CHICAGO — After announcing plans this week to open a new grocery store in Englewood, the CEOs of Whole Foods Market donated $100,000 to fund a nearby urban farm, the mayor's office said.
Whole Foods Market co-CEO Walter Robb and its Midwest President Michael Bashaw visited Growing Home's West Englewood farm at 58th and Honore streets after announcing its plans for an 18,000-square-foot store near Kennedy-King College.
Mayor Rahm Emanuel also took a trip to the city's only organic farm, known for its leafy greens, carrots and tomatoes.
The executives' donation will go toward building a new greenhouse and hiring eight more interns, according to a statement from the mayor's office.
In 2011, Growing Home produced 11,000 pounds of organic crops. With the expansion, the farm expects to produce three times as much, said Growing Home's outreach manager, Sonya Harper.
While none of the farm's produce ends up at Whole Foods now, the mayor's office said the Englewood grocery store could be a buyer once it opens in 2016.
"We would, of course, be elated if Whole Foods wanted our produce," Harper said. "We're very appreciative to see how Whole Foods will partner and work with the community."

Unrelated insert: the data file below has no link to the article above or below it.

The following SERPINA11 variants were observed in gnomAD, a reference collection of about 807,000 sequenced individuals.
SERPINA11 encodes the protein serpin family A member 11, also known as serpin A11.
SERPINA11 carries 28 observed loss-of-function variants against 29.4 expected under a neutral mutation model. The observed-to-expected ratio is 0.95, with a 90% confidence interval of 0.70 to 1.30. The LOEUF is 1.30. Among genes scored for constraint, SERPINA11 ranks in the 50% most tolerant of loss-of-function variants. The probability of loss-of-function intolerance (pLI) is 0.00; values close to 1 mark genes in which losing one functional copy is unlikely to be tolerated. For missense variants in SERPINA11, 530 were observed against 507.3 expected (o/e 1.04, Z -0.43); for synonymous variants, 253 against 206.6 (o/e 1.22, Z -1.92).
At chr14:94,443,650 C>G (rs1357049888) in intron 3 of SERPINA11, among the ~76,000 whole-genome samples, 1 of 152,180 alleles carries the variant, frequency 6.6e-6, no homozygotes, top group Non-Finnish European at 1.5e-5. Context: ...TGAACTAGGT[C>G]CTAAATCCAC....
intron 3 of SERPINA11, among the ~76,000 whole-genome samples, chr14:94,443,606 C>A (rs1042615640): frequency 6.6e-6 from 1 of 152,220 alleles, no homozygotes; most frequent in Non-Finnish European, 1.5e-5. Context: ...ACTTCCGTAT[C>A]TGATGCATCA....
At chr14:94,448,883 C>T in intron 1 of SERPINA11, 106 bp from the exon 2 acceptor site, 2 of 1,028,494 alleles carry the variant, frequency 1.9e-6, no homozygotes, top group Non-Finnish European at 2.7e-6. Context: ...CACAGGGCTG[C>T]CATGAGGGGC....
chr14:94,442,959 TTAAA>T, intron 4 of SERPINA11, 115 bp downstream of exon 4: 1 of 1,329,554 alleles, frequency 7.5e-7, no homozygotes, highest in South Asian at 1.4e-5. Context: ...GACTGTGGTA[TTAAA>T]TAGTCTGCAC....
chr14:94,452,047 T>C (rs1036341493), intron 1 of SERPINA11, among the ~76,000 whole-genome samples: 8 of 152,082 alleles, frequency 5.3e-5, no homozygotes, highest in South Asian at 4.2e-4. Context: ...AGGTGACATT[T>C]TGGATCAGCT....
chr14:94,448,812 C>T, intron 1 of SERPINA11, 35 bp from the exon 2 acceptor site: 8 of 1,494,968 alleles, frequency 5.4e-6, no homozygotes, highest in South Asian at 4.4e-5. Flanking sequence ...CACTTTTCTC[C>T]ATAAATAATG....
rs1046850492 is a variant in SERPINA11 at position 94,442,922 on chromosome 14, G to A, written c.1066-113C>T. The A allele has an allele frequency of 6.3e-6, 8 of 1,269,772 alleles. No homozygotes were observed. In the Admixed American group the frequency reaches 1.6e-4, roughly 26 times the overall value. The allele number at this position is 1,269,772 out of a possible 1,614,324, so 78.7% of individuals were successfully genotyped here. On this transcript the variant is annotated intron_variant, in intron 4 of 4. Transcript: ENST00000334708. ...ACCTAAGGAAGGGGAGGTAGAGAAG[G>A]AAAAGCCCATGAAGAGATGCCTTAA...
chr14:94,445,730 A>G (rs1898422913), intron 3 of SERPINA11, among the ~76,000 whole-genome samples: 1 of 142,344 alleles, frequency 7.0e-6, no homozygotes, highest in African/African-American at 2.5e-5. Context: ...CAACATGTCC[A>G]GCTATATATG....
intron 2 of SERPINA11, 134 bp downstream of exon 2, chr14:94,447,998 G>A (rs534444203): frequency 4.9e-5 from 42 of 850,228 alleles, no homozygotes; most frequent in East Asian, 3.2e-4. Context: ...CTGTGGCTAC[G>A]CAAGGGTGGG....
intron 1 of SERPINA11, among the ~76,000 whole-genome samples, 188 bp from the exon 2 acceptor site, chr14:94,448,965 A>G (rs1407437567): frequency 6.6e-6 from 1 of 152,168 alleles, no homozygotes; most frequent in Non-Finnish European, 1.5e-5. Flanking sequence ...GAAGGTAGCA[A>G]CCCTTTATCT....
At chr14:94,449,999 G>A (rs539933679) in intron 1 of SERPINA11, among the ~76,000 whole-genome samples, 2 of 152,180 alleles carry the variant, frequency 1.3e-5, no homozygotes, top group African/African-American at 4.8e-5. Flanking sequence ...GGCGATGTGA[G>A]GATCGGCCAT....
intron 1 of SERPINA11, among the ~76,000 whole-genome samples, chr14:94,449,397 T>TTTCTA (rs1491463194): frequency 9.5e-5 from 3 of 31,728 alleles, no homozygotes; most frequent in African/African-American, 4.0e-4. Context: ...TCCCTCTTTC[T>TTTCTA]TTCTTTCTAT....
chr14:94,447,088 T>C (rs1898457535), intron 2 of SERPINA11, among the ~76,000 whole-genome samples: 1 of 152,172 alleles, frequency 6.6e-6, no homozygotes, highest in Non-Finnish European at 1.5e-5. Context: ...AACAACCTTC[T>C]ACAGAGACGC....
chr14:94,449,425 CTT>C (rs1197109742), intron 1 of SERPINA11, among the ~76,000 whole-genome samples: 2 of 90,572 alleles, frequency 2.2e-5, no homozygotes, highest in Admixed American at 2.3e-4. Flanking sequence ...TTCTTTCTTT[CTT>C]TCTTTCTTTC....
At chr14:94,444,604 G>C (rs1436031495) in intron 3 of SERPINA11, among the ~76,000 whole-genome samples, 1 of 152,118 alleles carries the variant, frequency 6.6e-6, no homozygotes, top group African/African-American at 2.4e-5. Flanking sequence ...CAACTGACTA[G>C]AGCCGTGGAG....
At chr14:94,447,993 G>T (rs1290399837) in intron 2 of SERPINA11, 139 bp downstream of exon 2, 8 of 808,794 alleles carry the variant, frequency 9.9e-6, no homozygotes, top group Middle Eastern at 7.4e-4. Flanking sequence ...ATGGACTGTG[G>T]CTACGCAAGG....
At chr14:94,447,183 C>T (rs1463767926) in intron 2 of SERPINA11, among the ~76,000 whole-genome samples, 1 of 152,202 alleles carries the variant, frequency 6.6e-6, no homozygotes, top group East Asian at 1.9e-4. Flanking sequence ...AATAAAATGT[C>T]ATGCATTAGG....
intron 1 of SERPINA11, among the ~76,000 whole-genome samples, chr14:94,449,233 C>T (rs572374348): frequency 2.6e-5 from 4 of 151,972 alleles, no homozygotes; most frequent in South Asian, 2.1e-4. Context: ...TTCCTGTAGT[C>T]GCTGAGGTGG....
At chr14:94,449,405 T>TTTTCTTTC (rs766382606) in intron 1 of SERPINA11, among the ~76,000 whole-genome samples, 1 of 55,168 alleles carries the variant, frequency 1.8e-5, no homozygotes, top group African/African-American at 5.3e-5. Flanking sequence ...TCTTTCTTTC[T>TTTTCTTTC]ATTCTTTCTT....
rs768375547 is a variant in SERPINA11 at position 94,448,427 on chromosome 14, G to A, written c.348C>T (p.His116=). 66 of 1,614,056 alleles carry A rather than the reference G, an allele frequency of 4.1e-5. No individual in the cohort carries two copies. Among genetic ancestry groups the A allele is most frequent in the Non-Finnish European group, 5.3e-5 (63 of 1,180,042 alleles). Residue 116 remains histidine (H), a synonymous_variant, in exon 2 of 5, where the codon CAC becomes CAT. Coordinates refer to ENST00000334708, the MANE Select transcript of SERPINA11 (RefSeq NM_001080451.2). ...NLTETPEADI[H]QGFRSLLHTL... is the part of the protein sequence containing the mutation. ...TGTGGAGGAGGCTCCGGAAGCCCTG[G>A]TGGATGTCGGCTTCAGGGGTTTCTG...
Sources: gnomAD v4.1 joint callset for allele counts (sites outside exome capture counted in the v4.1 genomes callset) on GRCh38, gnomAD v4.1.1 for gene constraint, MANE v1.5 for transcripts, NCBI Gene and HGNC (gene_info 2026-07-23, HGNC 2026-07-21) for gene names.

The high-end market's plans to build in one of the city's poorest neighborhoods has been met with mixed response, with some in the neighborhood welcoming the development, while others questioning if area residents could afford shopping there.
"I'm not sure how we are going to do it, but we will address the price differences between us and other grocery stores," Robb said at a Wednesday news conference. "We plan to engage the community in this process and find out from them what products they want sold at the Englewood store."
A price check conducted by DNAinfo Chicago comparing prices at the Englewood Aldi, 620 W. 63rd St., and a Near West Side Whole Foods Market, 1101 S. Canal St., showed significant price differences for similar items.